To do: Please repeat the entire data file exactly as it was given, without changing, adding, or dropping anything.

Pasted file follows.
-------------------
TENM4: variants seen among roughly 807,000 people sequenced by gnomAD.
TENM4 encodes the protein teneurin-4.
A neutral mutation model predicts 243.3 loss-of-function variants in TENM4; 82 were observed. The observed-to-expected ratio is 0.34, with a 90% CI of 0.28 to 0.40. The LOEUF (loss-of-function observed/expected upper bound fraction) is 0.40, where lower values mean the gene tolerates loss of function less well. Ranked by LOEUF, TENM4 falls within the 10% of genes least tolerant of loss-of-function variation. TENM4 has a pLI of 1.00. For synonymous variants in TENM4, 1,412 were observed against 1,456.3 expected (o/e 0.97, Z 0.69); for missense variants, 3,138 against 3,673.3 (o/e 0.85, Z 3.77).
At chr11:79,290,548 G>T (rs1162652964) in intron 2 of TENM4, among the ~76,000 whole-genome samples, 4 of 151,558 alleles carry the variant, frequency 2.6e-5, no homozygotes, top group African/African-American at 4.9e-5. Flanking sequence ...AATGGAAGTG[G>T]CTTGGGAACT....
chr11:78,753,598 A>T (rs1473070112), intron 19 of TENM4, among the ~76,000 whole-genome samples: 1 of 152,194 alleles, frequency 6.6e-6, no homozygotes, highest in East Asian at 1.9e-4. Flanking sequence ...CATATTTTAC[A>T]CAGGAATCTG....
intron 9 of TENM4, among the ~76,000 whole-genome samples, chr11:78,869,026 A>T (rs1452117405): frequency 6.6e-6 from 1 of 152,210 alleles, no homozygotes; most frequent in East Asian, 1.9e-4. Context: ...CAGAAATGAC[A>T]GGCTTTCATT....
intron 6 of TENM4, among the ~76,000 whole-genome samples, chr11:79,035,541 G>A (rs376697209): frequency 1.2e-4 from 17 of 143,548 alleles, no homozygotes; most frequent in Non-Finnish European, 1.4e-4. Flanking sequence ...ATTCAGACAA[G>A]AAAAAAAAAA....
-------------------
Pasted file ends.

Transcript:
TENM4: variants seen among roughly 807,000 people sequenced by gnomAD.
TENM4 encodes the protein teneurin-4.
A neutral mutation model predicts 243.3 loss-of-function variants in TENM4; 82 were observed. The observed-to-expected ratio is 0.34, with a 90% CI of 0.28 to 0.40. The LOEUF (loss-of-function observed/expected upper bound fraction) is 0.40, where lower values mean the gene tolerates loss of function less well. Ranked by LOEUF, TENM4 falls within the 10% of genes least tolerant of loss-of-function variation. TENM4 has a pLI of 1.00. For synonymous variants in TENM4, 1,412 were observed against 1,456.3 expected (o/e 0.97, Z 0.69); for missense variants, 3,138 against 3,673.3 (o/e 0.85, Z 3.77).
At chr11:79,290,548 G>T (rs1162652964) in intron 2 of TENM4, among the ~76,000 whole-genome samples, 4 of 151,558 alleles carry the variant, frequency 2.6e-5, no homozygotes, top group African/African-American at 4.9e-5. Flanking sequence ...AATGGAAGTG[G>T]CTTGGGAACT....
chr11:78,753,598 A>T (rs1473070112), intron 19 of TENM4, among the ~76,000 whole-genome samples: 1 of 152,194 alleles, frequency 6.6e-6, no homozygotes, highest in East Asian at 1.9e-4. Flanking sequence ...CATATTTTAC[A>T]CAGGAATCTG....
intron 9 of TENM4, among the ~76,000 whole-genome samples, chr11:78,869,026 A>T (rs1452117405): frequency 6.6e-6 from 1 of 152,210 alleles, no homozygotes; most frequent in East Asian, 1.9e-4. Context: ...CAGAAATGAC[A>T]GGCTTTCATT....
intron 6 of TENM4, among the ~76,000 whole-genome samples, chr11:79,035,541 G>A (rs376697209): frequency 1.2e-4 from 17 of 143,548 alleles, no homozygotes; most frequent in Non-Finnish European, 1.4e-4. Flanking sequence ...ATTCAGACAA[G>A]AAAAAAAAAA....